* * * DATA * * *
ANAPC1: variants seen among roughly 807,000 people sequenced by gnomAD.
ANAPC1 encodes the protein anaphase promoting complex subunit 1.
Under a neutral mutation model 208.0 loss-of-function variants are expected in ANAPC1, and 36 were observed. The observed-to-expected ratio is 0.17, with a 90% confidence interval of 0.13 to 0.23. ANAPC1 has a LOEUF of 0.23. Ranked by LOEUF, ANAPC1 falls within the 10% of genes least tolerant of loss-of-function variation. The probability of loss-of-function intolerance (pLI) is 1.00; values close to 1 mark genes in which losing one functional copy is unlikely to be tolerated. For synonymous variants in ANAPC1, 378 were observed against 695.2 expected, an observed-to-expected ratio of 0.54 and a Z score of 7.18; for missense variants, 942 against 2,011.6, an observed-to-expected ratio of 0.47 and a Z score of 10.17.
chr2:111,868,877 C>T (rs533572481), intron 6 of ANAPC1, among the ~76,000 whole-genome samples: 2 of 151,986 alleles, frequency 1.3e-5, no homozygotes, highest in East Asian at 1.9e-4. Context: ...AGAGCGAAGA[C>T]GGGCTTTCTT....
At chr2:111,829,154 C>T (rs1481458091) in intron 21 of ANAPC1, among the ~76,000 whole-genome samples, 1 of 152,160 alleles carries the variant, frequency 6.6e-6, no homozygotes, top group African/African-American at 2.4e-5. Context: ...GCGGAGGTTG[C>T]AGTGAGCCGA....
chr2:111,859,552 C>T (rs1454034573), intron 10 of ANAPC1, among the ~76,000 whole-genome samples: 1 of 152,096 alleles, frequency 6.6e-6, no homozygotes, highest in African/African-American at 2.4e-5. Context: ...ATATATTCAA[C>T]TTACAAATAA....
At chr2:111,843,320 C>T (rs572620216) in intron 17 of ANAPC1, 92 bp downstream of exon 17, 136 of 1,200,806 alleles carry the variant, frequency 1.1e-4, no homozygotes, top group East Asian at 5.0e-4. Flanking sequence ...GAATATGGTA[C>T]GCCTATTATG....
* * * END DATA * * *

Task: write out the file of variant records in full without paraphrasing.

ANAPC1: variants seen among roughly 807,000 people sequenced by gnomAD.
ANAPC1 encodes the protein anaphase promoting complex subunit 1.
Under a neutral mutation model 208.0 loss-of-function variants are expected in ANAPC1, and 36 were observed. The observed-to-expected ratio is 0.17, with a 90% confidence interval of 0.13 to 0.23. ANAPC1 has a LOEUF of 0.23. Ranked by LOEUF, ANAPC1 falls within the 10% of genes least tolerant of loss-of-function variation. The probability of loss-of-function intolerance (pLI) is 1.00; values close to 1 mark genes in which losing one functional copy is unlikely to be tolerated. For synonymous variants in ANAPC1, 378 were observed against 695.2 expected, an observed-to-expected ratio of 0.54 and a Z score of 7.18; for missense variants, 942 against 2,011.6, an observed-to-expected ratio of 0.47 and a Z score of 10.17.
chr2:111,868,877 C>T (rs533572481), intron 6 of ANAPC1, among the ~76,000 whole-genome samples: 2 of 151,986 alleles, frequency 1.3e-5, no homozygotes, highest in East Asian at 1.9e-4. Context: ...AGAGCGAAGA[C>T]GGGCTTTCTT....
At chr2:111,829,154 C>T (rs1481458091) in intron 21 of ANAPC1, among the ~76,000 whole-genome samples, 1 of 152,160 alleles carries the variant, frequency 6.6e-6, no homozygotes, top group African/African-American at 2.4e-5. Context: ...GCGGAGGTTG[C>T]AGTGAGCCGA....
chr2:111,859,552 C>T (rs1454034573), intron 10 of ANAPC1, among the ~76,000 whole-genome samples: 1 of 152,096 alleles, frequency 6.6e-6, no homozygotes, highest in African/African-American at 2.4e-5. Context: ...ATATATTCAA[C>T]TTACAAATAA....
At chr2:111,843,320 C>T (rs572620216) in intron 17 of ANAPC1, 92 bp downstream of exon 17, 136 of 1,200,806 alleles carry the variant, frequency 1.1e-4, no homozygotes, top group East Asian at 5.0e-4. Flanking sequence ...GAATATGGTA[C>T]GCCTATTATG....